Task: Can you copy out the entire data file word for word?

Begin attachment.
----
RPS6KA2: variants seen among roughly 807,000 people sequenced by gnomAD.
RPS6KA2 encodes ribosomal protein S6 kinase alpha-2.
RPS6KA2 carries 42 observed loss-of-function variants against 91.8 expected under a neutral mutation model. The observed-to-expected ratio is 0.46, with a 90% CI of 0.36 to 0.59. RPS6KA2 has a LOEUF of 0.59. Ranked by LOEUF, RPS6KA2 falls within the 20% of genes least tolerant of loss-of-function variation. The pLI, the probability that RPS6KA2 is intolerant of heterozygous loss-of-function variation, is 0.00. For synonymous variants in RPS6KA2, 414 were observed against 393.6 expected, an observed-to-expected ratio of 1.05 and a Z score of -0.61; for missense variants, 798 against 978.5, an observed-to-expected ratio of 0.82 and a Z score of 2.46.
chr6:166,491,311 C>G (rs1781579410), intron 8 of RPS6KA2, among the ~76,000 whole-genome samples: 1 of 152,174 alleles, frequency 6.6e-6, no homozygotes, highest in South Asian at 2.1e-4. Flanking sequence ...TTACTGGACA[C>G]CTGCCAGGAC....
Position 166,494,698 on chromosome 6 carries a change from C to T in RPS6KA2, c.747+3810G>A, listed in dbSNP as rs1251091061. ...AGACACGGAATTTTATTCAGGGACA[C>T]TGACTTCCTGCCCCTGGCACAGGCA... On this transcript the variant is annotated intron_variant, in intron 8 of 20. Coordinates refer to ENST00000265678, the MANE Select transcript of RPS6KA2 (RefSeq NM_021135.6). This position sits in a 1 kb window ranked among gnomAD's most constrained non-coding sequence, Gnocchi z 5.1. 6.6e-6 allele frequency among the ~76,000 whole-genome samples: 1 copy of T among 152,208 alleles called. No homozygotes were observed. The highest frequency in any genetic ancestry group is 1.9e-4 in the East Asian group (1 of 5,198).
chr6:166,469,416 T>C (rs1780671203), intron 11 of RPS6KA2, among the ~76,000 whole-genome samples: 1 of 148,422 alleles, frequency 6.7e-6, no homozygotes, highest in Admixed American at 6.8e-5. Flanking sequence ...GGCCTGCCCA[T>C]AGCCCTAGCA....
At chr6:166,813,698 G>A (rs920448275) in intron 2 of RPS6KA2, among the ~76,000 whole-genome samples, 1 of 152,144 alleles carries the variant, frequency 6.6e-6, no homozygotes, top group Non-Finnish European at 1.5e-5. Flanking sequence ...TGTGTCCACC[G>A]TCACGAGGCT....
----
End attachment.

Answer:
RPS6KA2: variants seen among roughly 807,000 people sequenced by gnomAD.
RPS6KA2 encodes ribosomal protein S6 kinase alpha-2.
RPS6KA2 carries 42 observed loss-of-function variants against 91.8 expected under a neutral mutation model. The observed-to-expected ratio is 0.46, with a 90% CI of 0.36 to 0.59. RPS6KA2 has a LOEUF of 0.59. Ranked by LOEUF, RPS6KA2 falls within the 20% of genes least tolerant of loss-of-function variation. The pLI, the probability that RPS6KA2 is intolerant of heterozygous loss-of-function variation, is 0.00. For synonymous variants in RPS6KA2, 414 were observed against 393.6 expected, an observed-to-expected ratio of 1.05 and a Z score of -0.61; for missense variants, 798 against 978.5, an observed-to-expected ratio of 0.82 and a Z score of 2.46.
chr6:166,491,311 C>G (rs1781579410), intron 8 of RPS6KA2, among the ~76,000 whole-genome samples: 1 of 152,174 alleles, frequency 6.6e-6, no homozygotes, highest in South Asian at 2.1e-4. Flanking sequence ...TTACTGGACA[C>G]CTGCCAGGAC....
Position 166,494,698 on chromosome 6 carries a change from C to T in RPS6KA2, c.747+3810G>A, listed in dbSNP as rs1251091061. ...AGACACGGAATTTTATTCAGGGACA[C>T]TGACTTCCTGCCCCTGGCACAGGCA... On this transcript the variant is annotated intron_variant, in intron 8 of 20. Coordinates refer to ENST00000265678, the MANE Select transcript of RPS6KA2 (RefSeq NM_021135.6). This position sits in a 1 kb window ranked among gnomAD's most constrained non-coding sequence, Gnocchi z 5.1. 6.6e-6 allele frequency among the ~76,000 whole-genome samples: 1 copy of T among 152,208 alleles called. No homozygotes were observed. The highest frequency in any genetic ancestry group is 1.9e-4 in the East Asian group (1 of 5,198).
chr6:166,469,416 T>C (rs1780671203), intron 11 of RPS6KA2, among the ~76,000 whole-genome samples: 1 of 148,422 alleles, frequency 6.7e-6, no homozygotes, highest in Admixed American at 6.8e-5. Flanking sequence ...GGCCTGCCCA[T>C]AGCCCTAGCA....
At chr6:166,813,698 G>A (rs920448275) in intron 2 of RPS6KA2, among the ~76,000 whole-genome samples, 1 of 152,144 alleles carries the variant, frequency 6.6e-6, no homozygotes, top group Non-Finnish European at 1.5e-5. Flanking sequence ...TGTGTCCACC[G>A]TCACGAGGCT....